New Research Has Shown That While Loneliness Tampers Off To Its Lowest Levels During Middle Age, There Is A Consistent Uptick In Older Adulthood

Typically, middle-aged individuals are married, have families, maintain regular employment, participate in their children’s activities, and engage with multiple social circles intertwined through their children’s school or workplace connections.

On the other hand, young adulthood – which starts right after turning 18 – often represents a period characterized by shifting friendship circles, new jobs, seeking romantic relationships, and experiencing a general sense of social upheaval as people transition into college or the professional realm.

Meanwhile, the elderly confront various factors that contribute to loneliness. These may include the loss of a spouse, having “empty nests” after children leave home, grieving the loss of friends, and the possible onset of disability or illness.

But, even though there were disparities across age groups, certain shared factors were found to consistently predict loneliness irrespective of age. These included social isolation, being divorced, widowed, or single, earning a lower income and having less education, dealing with disabilities or physical impairments, struggling with mental health disorders, and certain unhealthy habits, such as smoking.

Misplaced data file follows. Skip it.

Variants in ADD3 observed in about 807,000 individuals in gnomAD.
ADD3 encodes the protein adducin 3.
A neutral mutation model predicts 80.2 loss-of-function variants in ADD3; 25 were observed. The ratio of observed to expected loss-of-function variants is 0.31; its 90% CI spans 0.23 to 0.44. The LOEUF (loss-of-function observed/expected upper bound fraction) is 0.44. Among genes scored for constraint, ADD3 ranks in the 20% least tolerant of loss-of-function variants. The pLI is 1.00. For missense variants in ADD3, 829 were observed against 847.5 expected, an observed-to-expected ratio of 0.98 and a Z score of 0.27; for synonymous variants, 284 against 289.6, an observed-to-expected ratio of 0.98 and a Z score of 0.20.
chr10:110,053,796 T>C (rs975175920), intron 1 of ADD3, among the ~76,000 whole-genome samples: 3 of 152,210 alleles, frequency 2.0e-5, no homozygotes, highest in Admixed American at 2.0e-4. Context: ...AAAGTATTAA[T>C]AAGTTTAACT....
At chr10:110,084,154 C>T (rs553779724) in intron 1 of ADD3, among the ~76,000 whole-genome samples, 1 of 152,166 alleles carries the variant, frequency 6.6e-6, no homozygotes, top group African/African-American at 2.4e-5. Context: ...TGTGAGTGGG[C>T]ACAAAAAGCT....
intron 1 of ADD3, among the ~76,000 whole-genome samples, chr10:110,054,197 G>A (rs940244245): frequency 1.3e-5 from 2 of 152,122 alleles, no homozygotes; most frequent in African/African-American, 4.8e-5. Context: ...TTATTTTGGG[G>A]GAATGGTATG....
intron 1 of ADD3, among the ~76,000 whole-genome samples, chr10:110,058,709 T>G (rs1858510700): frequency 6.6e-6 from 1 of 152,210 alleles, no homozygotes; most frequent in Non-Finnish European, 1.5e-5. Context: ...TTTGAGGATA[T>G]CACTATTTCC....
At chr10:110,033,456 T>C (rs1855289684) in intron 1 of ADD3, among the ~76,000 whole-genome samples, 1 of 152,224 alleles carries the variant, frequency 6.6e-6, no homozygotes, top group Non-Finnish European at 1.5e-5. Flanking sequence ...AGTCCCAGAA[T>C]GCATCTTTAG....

As for why this study is significant: its findings have profound implications. Severe and persistent loneliness constitutes a grave public health concern. It is even linked to an elevated risk of premature mortality comparable to that of daily cigarette smoking, according to the U.S. Surgeon General.

So, Graham emphasized how the study’s results highlight the necessity for tailored interventions aimed at mitigating the social inequalities that contribute to loneliness across the adult lifespan. Additionally, the researchers expressed a desire for medical professionals to incorporate assessments of loneliness into routine wellness check-ups in the future.

Finally, given that the datasets analyzed for this study predate the COVID-19 pandemic, the research team speculates that present levels of loneliness could be even more pronounced due to the extended periods of isolation experienced by people around the globe.

To read the study’s complete findings, which have since been published in Psychological Science, visit the link here.

2 of 2